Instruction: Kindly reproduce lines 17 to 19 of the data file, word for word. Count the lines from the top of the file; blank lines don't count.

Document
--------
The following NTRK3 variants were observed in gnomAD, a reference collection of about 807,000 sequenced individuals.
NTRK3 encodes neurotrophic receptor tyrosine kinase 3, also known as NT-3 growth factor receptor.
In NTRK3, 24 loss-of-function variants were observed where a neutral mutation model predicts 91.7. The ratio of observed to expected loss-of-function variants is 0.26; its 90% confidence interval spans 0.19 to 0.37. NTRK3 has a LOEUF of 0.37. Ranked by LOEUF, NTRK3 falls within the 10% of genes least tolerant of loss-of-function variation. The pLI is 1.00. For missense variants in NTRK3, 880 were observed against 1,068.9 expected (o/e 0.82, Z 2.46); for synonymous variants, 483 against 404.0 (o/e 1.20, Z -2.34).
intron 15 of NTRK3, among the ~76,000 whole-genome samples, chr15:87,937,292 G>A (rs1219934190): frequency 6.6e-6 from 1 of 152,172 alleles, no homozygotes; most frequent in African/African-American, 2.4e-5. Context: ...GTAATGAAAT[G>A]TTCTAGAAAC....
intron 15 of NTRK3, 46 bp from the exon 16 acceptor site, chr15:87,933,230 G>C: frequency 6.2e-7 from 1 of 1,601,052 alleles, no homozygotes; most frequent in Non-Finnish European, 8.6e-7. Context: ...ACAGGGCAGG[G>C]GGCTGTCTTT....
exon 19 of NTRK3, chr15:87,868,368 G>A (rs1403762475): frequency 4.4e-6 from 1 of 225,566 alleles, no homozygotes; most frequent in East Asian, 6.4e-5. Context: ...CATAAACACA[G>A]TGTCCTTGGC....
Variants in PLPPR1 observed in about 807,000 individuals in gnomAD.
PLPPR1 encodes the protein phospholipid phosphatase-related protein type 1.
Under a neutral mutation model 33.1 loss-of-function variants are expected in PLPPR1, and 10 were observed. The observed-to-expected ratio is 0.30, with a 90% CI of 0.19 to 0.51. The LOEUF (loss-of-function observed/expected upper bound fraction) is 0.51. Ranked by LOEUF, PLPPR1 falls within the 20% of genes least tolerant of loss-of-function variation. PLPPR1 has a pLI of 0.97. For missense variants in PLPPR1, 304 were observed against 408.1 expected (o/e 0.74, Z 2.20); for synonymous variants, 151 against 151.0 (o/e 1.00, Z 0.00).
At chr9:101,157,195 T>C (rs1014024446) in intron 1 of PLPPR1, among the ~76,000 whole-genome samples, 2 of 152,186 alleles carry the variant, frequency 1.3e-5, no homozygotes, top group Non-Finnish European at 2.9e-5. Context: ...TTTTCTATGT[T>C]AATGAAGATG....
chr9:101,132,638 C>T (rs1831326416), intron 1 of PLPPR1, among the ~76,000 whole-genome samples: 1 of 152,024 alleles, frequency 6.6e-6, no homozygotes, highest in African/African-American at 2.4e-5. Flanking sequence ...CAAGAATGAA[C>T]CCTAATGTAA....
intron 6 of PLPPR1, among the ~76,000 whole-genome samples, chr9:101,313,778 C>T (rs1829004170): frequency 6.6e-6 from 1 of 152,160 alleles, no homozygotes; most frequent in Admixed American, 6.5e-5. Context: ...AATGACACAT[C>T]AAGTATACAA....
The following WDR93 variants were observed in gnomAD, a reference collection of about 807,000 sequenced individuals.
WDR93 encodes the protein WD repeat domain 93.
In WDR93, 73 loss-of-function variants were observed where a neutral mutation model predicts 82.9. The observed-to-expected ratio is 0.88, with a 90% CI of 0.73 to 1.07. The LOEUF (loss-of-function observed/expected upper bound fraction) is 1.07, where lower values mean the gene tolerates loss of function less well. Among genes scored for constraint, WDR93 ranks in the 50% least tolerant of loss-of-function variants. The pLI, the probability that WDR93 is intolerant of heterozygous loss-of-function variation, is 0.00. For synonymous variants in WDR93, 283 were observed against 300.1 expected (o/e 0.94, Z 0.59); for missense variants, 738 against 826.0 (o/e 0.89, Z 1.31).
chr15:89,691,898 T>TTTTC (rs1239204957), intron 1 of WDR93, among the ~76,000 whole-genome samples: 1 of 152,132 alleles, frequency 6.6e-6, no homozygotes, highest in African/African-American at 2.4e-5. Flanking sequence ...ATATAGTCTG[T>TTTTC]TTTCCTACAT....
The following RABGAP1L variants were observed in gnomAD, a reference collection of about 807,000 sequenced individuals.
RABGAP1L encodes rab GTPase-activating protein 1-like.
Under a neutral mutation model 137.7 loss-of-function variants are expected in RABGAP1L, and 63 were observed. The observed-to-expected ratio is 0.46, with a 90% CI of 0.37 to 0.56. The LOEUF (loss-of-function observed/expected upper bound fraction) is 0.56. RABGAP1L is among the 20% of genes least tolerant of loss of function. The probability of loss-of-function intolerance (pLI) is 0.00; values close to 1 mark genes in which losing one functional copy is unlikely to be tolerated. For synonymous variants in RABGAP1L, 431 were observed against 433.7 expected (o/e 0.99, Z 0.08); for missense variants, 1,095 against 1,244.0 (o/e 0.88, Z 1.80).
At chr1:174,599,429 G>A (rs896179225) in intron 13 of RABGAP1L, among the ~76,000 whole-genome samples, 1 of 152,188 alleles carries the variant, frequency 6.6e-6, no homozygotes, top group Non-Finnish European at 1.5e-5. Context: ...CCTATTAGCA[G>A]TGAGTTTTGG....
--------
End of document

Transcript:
The following RABGAP1L variants were observed in gnomAD, a reference collection of about 807,000 sequenced individuals.
RABGAP1L encodes rab GTPase-activating protein 1-like.
Under a neutral mutation model 137.7 loss-of-function variants are expected in RABGAP1L, and 63 were observed. The observed-to-expected ratio is 0.46, with a 90% CI of 0.37 to 0.56. The LOEUF (loss-of-function observed/expected upper bound fraction) is 0.56. RABGAP1L is among the 20% of genes least tolerant of loss of function. The probability of loss-of-function intolerance (pLI) is 0.00; values close to 1 mark genes in which losing one functional copy is unlikely to be tolerated. For synonymous variants in RABGAP1L, 431 were observed against 433.7 expected (o/e 0.99, Z 0.08); for missense variants, 1,095 against 1,244.0 (o/e 0.88, Z 1.80).